After a three-week expedition in the waters off Montauk, NY, OCEARCH and its collaborating scientists have confirmed the first known nursery – and likely birthing site – for the great white shark in the Northwest Atlantic.
The team tagged a total of nine young-of-the-year white sharks. “This is a giant step forward for our research,” said Tobey Curtis, Montauk expedition lead scientist and fisheries biologist at NOAA Fisheries. “For the next several years, these tagged sharks will give us new insights into their movements, migration patterns, and preferred habitats. This information will be useful for informing conservation and fisheries management strategies.”
“This is a historical moment and the first step in revealing the great white shark pupping ground,” said Chris Fischer, Founding Chairman and Expedition Leader. “It’s this kind of scientific data that will help us collectively make more informed decisions about how to protect this incredible species.”
OCEARCH is now heading to Nantucket, MA for another three-week expedition to tag mature great white sharks. The expedition, largely supported by Costa Sunglasses and YETI Coolers, will begin on September 20 and end on October 10th. The data gathered will build on the ongoing research and previous findings from great white sharks Mary Lee, Lydia, Katharine, Betsy, and Genie. This will allow OCEARCH and its collaborating scientists to increase the sample size necessary to get a complete picture of the movements and habitats for adult white sharks in the North Atlantic.
The group has teamed with Aurora Flight Sciences, a leading unmanned flight development company, to provide aerial support for locating and tracking sharks in the area.
Aurora’s Optionally Piloted Aircraft (OPA) Centaur will be controlled by an air vehicle operator onboard the OCEARCH vessel, and flown within line-of-sight range to capture images of the water. The images will allow OCEARCH and its collaborating scientists to identify and track the locations of sharks in real-time, as well as give direction for specific areas that Centaur should fly for crucial time-saving captures.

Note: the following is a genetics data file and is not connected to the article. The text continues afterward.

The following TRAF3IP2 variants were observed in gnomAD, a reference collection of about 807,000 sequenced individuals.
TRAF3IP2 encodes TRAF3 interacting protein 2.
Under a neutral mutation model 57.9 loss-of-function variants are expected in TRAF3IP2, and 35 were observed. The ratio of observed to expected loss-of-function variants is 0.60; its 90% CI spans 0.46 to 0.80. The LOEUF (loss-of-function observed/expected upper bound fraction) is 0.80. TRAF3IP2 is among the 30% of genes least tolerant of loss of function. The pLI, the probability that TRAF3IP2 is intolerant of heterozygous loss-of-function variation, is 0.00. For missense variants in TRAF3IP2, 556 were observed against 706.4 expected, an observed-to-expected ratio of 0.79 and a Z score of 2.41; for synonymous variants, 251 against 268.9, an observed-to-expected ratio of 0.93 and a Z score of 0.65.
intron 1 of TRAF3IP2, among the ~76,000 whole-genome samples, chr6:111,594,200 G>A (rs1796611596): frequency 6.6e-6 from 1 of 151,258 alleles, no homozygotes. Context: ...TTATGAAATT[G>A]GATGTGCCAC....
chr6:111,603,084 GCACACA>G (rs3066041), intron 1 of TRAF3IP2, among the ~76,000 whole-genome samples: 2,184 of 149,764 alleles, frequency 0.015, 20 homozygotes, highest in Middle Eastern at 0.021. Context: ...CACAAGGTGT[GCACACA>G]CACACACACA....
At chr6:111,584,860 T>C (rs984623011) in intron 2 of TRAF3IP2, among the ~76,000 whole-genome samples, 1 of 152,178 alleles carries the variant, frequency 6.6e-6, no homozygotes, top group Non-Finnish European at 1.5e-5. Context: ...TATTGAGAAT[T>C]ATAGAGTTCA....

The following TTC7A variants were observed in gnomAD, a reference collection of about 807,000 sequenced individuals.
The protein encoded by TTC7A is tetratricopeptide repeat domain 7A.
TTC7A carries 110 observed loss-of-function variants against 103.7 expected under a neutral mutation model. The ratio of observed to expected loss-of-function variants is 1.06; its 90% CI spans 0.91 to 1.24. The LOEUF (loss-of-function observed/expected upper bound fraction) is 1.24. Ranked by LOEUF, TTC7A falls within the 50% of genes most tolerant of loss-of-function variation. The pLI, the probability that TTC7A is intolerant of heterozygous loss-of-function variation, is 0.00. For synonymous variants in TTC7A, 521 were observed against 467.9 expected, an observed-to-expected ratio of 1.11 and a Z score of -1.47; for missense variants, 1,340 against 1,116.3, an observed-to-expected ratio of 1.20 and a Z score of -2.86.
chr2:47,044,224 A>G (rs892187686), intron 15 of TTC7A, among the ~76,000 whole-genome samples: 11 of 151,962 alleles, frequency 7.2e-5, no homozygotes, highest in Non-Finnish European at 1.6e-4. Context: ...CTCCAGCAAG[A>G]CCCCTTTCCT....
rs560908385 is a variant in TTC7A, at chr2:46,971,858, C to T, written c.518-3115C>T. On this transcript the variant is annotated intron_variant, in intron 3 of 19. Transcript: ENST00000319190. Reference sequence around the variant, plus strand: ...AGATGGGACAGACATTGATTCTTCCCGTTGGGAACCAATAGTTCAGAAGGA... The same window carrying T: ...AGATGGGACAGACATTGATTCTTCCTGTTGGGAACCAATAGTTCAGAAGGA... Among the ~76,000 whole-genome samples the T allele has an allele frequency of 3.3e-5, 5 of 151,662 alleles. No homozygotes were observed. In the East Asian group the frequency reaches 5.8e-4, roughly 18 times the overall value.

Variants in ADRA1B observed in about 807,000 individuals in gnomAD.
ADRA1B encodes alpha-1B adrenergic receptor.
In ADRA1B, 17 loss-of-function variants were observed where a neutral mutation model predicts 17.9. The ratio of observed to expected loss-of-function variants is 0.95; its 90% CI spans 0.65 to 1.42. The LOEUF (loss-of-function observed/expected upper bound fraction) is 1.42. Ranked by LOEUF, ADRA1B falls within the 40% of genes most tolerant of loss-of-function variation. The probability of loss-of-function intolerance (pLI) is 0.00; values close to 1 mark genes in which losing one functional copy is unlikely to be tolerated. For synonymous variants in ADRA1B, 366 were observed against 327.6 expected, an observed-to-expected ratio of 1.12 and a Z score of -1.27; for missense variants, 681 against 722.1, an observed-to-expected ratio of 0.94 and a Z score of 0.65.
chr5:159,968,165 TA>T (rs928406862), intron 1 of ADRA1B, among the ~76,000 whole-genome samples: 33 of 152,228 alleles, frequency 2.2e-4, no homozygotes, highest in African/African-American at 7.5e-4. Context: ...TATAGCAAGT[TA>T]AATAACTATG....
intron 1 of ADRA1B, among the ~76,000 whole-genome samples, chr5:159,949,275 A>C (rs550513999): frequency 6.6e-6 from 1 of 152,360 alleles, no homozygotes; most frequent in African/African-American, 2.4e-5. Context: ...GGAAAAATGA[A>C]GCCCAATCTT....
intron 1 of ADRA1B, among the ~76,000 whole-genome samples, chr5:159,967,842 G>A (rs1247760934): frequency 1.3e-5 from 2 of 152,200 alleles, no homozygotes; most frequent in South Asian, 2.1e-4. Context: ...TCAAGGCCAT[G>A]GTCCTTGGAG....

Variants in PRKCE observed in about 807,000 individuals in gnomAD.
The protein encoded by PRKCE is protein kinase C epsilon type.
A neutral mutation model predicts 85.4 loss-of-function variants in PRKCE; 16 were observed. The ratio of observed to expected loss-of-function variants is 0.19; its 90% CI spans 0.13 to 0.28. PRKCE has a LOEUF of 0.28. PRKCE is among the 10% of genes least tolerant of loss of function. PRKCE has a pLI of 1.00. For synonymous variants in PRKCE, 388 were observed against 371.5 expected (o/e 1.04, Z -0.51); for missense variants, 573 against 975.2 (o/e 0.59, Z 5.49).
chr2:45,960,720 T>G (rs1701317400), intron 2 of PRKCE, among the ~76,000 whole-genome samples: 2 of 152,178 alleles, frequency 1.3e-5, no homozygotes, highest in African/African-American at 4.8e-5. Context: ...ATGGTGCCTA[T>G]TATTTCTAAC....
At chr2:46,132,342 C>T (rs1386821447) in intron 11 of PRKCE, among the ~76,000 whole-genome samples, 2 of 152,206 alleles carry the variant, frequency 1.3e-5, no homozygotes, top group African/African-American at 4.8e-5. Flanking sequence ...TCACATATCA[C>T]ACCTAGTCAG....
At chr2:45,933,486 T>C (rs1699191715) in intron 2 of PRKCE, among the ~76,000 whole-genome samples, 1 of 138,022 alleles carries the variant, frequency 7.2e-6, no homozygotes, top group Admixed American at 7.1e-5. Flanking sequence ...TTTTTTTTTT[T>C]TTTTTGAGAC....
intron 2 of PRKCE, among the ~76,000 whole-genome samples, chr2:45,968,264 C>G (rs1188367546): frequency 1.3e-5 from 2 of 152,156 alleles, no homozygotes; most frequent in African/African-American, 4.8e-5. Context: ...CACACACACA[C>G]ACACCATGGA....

Once the shark is captured, the team, led by Dr. Robert Hueter, Senior Scientist and Director of the Center for Shark Research at Mote Marine Laboratory in Sarasota, FL, will take measurements and conduct health assessments of the giant fish by collecting blood, muscle and mucus samples, parasites, and fin clips for genetics, and by conducting ultrasound exams of mature females. The team includes researchers from Mote, University of North Florida, Adventure Aquarium, Woods Hole Oceanographic Institution, Florida International University, Wildlife Conservation Society’s New York Aquarium, and other organizations and universities.
“12 procedures in 15 minutes and then off they go, that’s our goal,” said Dr. Hueter. “It’s such an incredibly rare opportunity to learn everything we can about these magnificent predators so that we can understand and protect them.”
All white sharks will be outfitted with satellite-linked electronic tags and internal acoustic tags. Anyone and everyone can follow their movements by accessing the near-real time, free online Global Shark Tracker or by downloading the Global Shark Tracker App available for Apple and Android platforms.
“Creating a global ocean movement that connects the dots between sharks and the health of the ocean, through research expeditions, the Global Shark Tracker, and the OCEARCH STEM Education Program is essential to ensuring a healthy ocean for our kids,” said Chris Fischer.